CVEPA Views : Dale Will

When Ferdinand Hayden’s team of surveyors entered the Crystal Valley in 1873, they noted the existence of a “hardened trail” running from the summit of what is now known as Schofield Pass down to the confluence of the Roaring Fork and Colorado Rivers. At this point, the surveyors were the guests of the Ute Nation which had been promised roughly the western fifth of the Colorado Territory as their permanent reservation under the Treaty of 1868. 

The eastern boundary of the 1868 reservation lies approximately where Woody Creek sits today, and the entire Crystal watershed, and lands west to the Utah border, were within it. Hayden’s report to Congress that year noted that the trail was a major Ute travel route, connecting the western Colorado River valley with the Front Range via Schofield and Monarch passes. Hayden’s maps were ultimately published in the 1884 Atlas of Colorado. For those interested in such things, the atlas can be viewed at both the Aspen Historic Society and Denver Public Library Western History Collection. 

When the Ute were granted the western fifth of Colorado, one might have hoped that the U.S. government would protect their dominion of the same. But the government’s racial bias in favor of white settlement permeated the priorities and policies of the day. So it was, that when a zealous missionary named Nathaniel Meeker entered the reservation to “civilize” the Ute, the U.S. Army was sent to protect him. 

This didn’t end well for Meeker, or for the initial cavalry detachment. The Ute were determined not to become victims of another Sand Creek Massacre, and attacked the soldiers as soon as they entered the reservation, defeating them at Milk Creek in September of 1879. 

For generations, the Ute had skirmished with the Arapaho, each fond of hot springs and horses, and vying for control of both. These skirmishes were among people who understood each other, who shared both the strengths and vulnerabilities of living off the mountain landscape. 

Estimates of the total Ute population vary, with “The People of the Shining Mountains” concluding their total numbers were likely around 4,000. The warriors in the tribe could not know the extent of the white population and material resources of the recently arrived Europeans. But when they trounced the cavalry at Milk Creek, reinforcements arrived quickly, and the warriors knew enough not to wait around for a further response. And so, they fled up the Crystal Trail and sought the high grounds on Schofield Pass. 

I originally became aware of this story in a brief mention in “The Crystal River Pictorial”, Dell McCoy’s wonderful book on the Crystal Railroad. Years later, I was fortunate to walk some of the same sections of the trail with Kenny Frost, a member of the Southern Ute tribe. Kenny independently recounted that the Ute warriors had indeed sought refuge in the upper Crystal Valley following the Meeker uprising and the associated Battle of Milk Creek.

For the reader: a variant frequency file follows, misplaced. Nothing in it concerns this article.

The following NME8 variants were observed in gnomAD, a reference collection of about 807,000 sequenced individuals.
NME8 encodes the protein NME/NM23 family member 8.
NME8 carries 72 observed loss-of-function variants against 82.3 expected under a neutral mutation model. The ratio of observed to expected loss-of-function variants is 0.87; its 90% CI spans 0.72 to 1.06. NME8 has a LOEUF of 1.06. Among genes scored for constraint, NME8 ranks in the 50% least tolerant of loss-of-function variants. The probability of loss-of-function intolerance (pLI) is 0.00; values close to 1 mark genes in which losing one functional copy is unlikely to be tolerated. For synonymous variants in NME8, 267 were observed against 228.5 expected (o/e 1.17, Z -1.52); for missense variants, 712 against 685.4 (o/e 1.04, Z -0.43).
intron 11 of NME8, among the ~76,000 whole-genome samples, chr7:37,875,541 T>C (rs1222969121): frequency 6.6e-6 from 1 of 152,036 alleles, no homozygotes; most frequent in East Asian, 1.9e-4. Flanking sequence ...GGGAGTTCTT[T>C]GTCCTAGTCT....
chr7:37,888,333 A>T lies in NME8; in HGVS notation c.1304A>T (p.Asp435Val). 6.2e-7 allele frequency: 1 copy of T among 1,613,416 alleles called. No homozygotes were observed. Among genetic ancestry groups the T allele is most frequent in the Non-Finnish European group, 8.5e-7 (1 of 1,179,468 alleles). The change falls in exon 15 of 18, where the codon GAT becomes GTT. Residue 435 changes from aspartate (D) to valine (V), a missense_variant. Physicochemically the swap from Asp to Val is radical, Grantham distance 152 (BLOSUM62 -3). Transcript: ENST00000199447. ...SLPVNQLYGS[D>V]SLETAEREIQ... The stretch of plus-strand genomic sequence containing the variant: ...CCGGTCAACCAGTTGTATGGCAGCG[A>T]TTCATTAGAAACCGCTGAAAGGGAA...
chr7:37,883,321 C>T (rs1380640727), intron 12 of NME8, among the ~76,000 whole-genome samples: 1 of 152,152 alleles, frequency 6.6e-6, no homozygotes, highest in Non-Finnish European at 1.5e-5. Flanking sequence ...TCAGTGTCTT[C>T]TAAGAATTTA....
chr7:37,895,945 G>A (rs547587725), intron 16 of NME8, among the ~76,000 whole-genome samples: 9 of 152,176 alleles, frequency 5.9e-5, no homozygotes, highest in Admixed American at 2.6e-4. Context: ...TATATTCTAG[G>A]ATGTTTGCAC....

Imagine that scene. Some early white settlers had already appeared in the Valley, squatting on lands promised to the Ute. Myron Thompson had apparently first diverted water from his namesake creek this same year, in 1879. Perhaps he was about his farm that fall day, when the battle-weary group of Ute rode past. 

These brave souls were at the height of their strength, combining their deep knowledge of the mountains with the horses and firearms that Europe had introduced to the scene. Myron would have been wise to keep a low profile. 

And what was on the minds of the warriors? They had prevailed at Milk Creek by controlling the high ground. They also knew the topography intimately. They might have chosen any place in Western Colorado for refuge. They chose the upper Crystal. Whatever the invaders’ numbers and equipment, they at least would have their familiar high ground. 

What might have been a protracted guerilla war in the Crystal Valley was averted by Chief Ouray himself. By this time, the Meeker women were under his guardianship at his home near Montrose. He arranged to repatriate them, unharmed (contrast this to what occurred 15 years prior, at Sand Creek). 

According to Kenny, Ouray then sent runners up into the Crystal and told them to come down. These brave souls had won the battle, but they could not win the war for their homeland, and Ouray would sadly agree to relinquish the 1868 reservation, accepting in return two smaller reservations in southwest Colorado, and shared habitation of the already occupied Uintah reservation in northeast Utah.

This history bears remembering for all those visiting and residing in the Crystal Valley, especially for those who might do that without respect for the sacred landscape. Not long ago, the bravest warriors of an honorable nation stood ready to defend their homelands in this fragile valley. 

CVEPA is dedicated to protecting access to all the ancient trails in the Crystal Valley, while insisting that human interactions with the same are conducted in a respectful manner.